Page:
Author Cynthia Carris Alonso shares her top 5 reasons to visit this UNESCO World Heritage site in the province of Sancti Spíritus.

Note from El Equipo: Cynthia Carris Alonso is the author of A Taste of Cuba: A Journey Through Cuba and Its Savory  Cuisine (Apollo Publishers, 2018), and a book of photography, Passage to Cuba (Skyhorse Publishing, 2015), an up-close look at the world’s most colorful culture

A Taste of Cuba by Cynthia Carris Alonso

Since 1992, I have traveled from New York City to Havana several times a year, both as a photojournalist and to visit my husband’s family in Cuba. My appreciation for and connection to the optimistic, resilient, and creative Cuban people, their art and culture, has grown with each  experience. 

A surreal atmosphere prevails as you walk around the old streets with 1850s architecture…

My Cuban friends and family would always recommend I visit the charming and historic city of  Trinidad, in the southern Cuban province of Sancti Spíritus; yet, it always seemed so far… In  2016, however, I finally had my first opportunity to visit the city, which was designated as a UNESCO World Heritage site in 1988. Upon arrival, it was immediately clear why the city of  Trinidad received this world recognition and is now well-preserved for everyone to  value and admire.  

Although COVID-19 has led to the temporary closings of many restaurants and tourism has come to a halt, we bring you this virtual trip to Trinidad, for your experience until you can visit  on your own.

1. The Landscape

Driving the 200 miles (about 317 km) distance southeast from Havana, travelers will go miles  with views of sprawling land, colored as if from an impressionist painting, that once serviced a  wealthy sugar industry and is now sprinkled with crops and farmhouses.  

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Photo credit: Cynthia Alonso Carris

2. The Architecture

The great wealth from the sugar industry’s boom period is still present in the ornate and  elaborate neoclassical architecture of many of Trinidad’s buildings, its palaces and luxurious  mansions, which escaped the early twentieth century wave of modernization in Cuba.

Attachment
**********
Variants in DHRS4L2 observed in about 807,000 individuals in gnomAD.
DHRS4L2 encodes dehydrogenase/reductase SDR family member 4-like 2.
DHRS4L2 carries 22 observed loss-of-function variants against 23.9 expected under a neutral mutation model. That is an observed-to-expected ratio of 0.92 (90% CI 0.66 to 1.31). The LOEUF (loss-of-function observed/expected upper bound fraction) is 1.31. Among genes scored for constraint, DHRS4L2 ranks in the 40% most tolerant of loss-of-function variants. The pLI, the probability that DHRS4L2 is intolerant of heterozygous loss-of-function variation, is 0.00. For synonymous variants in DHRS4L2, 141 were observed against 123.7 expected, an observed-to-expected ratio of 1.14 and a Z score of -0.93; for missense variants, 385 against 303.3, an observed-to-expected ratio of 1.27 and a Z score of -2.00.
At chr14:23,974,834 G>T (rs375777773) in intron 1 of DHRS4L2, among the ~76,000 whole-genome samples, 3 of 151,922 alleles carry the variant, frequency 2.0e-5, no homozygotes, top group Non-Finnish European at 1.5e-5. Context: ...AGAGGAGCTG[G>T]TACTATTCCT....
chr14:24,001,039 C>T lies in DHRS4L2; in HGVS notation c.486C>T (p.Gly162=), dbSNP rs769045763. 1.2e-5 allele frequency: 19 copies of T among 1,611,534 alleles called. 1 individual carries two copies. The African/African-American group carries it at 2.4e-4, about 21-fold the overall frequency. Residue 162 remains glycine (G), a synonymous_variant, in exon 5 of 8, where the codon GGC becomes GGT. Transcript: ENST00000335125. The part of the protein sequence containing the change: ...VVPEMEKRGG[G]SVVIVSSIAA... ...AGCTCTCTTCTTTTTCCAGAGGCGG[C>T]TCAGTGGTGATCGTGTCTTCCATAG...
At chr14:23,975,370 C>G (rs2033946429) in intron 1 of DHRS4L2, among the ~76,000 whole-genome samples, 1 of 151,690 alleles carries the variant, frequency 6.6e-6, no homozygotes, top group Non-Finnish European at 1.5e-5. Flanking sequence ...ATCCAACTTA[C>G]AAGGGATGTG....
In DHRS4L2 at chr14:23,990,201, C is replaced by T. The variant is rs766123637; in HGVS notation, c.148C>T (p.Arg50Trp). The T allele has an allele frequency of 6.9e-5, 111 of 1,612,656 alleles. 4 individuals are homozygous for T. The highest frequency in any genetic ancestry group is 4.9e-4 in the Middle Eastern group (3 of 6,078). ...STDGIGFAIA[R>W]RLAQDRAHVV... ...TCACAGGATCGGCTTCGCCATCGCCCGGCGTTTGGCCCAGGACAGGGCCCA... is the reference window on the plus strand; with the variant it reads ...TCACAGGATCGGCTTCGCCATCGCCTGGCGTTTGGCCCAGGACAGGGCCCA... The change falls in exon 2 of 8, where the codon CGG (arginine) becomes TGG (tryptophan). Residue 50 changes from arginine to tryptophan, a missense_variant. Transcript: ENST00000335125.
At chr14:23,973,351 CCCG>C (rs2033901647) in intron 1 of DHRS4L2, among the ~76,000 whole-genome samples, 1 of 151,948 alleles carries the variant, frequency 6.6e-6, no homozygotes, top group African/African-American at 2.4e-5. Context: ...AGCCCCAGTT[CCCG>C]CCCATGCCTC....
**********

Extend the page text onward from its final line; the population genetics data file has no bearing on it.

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View at dusk of the famous bell tower, Convento de San Fransisco, in Trinidad, Cuba. Photo by Cynthia Carris Alonso

Trinidad’s famous bell tower, Convento de San Fransisco, decorates the restored colonial town.  Once a convent and now a museum, visitors can climb up the stairs inside the tower for scenic  panoramic views of the beautiful and unique city, one with terracotta-tiled roofs, pastel colored  painted houses, and pretty Moorish-style courtyards. 

As one approaches the main square, Plaza Mayor, closed to cars and open only to pedestrians  and horseback riders, one immediately feels the enchantment of Trinidad’s historic buildings and well-maintained beauty.  

Related Post: Add Cayo Santa María to Your List: It’s a Cuban Tropical Paradise

The town is typically abuzz with energy catering to the constant flow of tourists mixed with  local business. A surreal atmosphere prevails as you walk around the old streets with 1850s architecture, while 1950’s American cars pass by, and meet residents trying to survive the  challenges of our 21st century times. 

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3. Music & Dance

Talented musicians play classic Cuban music in the streets and in the Palacio de la Música off the main square, while fabulous folkloric dance is performed just down the street at Palenque. 

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Folkloric dancers at the Palenque in Trinidad, Cuba, January, 2016. Photo by Cynthia Carris Alonso

If you’d like your own unique dance experience, you can venture up a huge hill by foot to dance  with changing colored light beams at Disco Ayala, which was built inside a natural cave!

Night scene at the Disco Ayala in a natural cave in Trinidad, Cuba. Photo by Cynthia Carris Alonso

4. The Beaches

Gorgeous beaches are nearby, such as the relatively deserted Playa Ancón, an easy 7-mile (12 km) bike (or taxi) ride from the center of town.

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5. The Food

Fresh seafood can be enjoyed at many of the local paladares. One of my favorites: Davimart Paladar, at Anastacio Cardenas 518. As is true for most of Cuba, the primary culinary influences in Trinidad came from its Spanish and French colonizers, as well as the African slave trade, by way of other islands in the West Indies.  

Related Post: Every Day Is Sunday: Coronavirus in Trinidad

I was so mesmerized by Trinidad’s architecture, cobblestone streets, museums, privately owned  shops with handmade jewelry, ceramics, clothing and crafts, and the delicious dishes of the paladares (privately owned restaurants) that I have continued to lead groups to this seemingly  magical city so different and distant from the hubbub of Havana and the rest of the country. 

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